This film by former Disney and Tron CGI animator Bill Kroyer is a tongue in cheek look at the role of computers in our workplace, which may even serve as a metaphor in the animation industry at the time. The animation underscores this debate as it deftly combines traditional and computer graphics. Furthermore, the story is a hilarious and entertaining romp very much in the same vein as the works by Tex Avery from 40 years prior, full of visual gags and excellent slapstick.

7. George and Rosemary (1987)
George and Rosemary is a film from the husband wife animation team of Alison Snowden and David Fine in their first collaboration with the National Film Board of Canada. It is a simple story about unrequited love among the geriatric population, and while that could have been unbelievably creepy, the directors made it sweet and charming through its focus on the emotions of the characters and on the quieter moments in their lives. The simple animation style contributes as well.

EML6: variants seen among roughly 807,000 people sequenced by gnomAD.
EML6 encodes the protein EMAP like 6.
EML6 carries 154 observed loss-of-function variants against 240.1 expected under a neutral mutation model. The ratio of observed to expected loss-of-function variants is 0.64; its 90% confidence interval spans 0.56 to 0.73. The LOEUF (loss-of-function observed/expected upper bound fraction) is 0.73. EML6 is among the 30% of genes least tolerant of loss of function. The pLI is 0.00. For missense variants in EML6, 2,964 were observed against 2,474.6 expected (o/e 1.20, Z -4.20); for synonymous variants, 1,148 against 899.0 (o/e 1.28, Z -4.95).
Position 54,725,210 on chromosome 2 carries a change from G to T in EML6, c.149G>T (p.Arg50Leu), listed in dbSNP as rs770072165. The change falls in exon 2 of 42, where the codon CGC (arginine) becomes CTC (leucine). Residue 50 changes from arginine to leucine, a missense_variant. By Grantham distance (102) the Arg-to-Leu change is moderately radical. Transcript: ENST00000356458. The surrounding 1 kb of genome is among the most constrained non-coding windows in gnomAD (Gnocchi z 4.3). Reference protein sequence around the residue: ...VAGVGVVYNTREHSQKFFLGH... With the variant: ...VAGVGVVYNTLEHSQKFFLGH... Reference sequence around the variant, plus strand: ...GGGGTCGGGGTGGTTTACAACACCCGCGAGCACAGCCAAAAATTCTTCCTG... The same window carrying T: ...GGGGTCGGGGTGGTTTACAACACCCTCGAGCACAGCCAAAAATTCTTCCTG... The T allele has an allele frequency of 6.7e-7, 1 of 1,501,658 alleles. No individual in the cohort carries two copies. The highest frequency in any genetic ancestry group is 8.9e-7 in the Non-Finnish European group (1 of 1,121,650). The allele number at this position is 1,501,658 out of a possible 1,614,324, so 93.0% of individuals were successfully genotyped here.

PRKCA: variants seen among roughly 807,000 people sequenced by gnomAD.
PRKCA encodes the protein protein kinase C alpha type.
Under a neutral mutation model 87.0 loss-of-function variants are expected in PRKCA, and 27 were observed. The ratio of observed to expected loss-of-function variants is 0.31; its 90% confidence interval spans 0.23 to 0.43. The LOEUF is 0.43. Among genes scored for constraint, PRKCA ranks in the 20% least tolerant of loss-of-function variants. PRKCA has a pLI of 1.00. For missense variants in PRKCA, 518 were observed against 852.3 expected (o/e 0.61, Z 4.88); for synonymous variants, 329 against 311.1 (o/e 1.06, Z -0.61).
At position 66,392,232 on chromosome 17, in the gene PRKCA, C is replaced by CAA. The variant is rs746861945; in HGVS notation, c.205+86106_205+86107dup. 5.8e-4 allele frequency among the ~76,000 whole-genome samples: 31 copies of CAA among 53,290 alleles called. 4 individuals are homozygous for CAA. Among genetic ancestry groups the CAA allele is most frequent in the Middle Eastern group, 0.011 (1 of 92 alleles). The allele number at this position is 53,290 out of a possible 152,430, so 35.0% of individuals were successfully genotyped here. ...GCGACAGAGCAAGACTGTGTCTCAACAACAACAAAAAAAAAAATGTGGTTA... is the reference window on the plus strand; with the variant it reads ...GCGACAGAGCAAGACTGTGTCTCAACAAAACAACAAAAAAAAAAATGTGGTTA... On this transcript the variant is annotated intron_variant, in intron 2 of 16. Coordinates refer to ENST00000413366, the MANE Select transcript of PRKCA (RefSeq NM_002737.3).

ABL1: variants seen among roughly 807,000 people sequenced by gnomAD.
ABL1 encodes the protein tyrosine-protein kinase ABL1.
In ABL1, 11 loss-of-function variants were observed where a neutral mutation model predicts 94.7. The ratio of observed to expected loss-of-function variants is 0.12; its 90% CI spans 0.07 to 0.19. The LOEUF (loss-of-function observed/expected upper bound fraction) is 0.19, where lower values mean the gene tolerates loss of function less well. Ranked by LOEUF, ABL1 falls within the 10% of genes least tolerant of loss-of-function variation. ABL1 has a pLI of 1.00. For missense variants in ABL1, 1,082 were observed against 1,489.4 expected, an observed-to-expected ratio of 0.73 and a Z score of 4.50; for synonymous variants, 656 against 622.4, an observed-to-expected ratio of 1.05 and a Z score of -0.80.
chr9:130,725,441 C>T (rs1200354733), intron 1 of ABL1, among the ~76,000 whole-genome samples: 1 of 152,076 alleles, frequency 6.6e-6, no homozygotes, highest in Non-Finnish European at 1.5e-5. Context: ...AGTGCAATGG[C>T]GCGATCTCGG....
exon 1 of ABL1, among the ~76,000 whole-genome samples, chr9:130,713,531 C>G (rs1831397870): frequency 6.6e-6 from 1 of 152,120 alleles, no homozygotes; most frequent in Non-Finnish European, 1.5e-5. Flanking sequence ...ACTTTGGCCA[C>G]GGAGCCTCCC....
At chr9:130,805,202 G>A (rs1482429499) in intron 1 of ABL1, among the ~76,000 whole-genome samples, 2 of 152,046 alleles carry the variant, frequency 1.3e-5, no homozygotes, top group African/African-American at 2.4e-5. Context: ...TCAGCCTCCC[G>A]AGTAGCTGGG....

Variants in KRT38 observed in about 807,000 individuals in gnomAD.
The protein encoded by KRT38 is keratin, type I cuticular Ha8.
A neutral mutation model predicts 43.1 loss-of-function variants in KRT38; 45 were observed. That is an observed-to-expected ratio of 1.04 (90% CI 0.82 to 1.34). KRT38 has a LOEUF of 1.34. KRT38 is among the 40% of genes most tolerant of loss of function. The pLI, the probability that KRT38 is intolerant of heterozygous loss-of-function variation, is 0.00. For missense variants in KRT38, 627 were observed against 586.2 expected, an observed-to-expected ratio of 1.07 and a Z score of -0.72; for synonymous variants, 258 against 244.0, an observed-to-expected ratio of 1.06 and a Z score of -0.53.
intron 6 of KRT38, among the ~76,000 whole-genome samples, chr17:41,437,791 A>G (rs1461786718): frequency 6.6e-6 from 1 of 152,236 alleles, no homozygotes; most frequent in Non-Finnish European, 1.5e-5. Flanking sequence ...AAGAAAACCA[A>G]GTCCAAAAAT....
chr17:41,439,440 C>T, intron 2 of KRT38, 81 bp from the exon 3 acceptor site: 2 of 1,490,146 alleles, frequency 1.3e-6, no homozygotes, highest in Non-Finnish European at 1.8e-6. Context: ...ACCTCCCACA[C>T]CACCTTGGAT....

6. The Cat Came Back (1988)
This madcap film from Canadian animator Cordell Barker has become arguably one of the most famous films in National Film Board of Canada history, and it does that by taking a popular children's song and setting it to animation. The song in itself is incredibly catchy, but Barker elevates the experience by combining it with some of the most delightfully frantic action ever put on screen. The combination of Old Mr. Johnson's efforts to rid himself of the cat with the cat's increasingly destructive nature makes for a fun little romp.

5. Mickey's Christmas Carol (1983)
Mickey's Christmas Carol is another film that has become a Christmas classic, this time by taking Charles Dickens's classic story of redemption and casting it with popular Disney characters. Sure, some of the casting decisions are off (Goofy as a greedy miser? Donald being "always full of kindness?" Mickey relegated to a secondary role?) But Alan Young as Scrooge McDuck is delightful as the miserly Ebenezer Scrooge, and the film is full of the charming Disney humor. Of course, this also gets some bonus points for being a part of my childhood.

4. Tango (1982)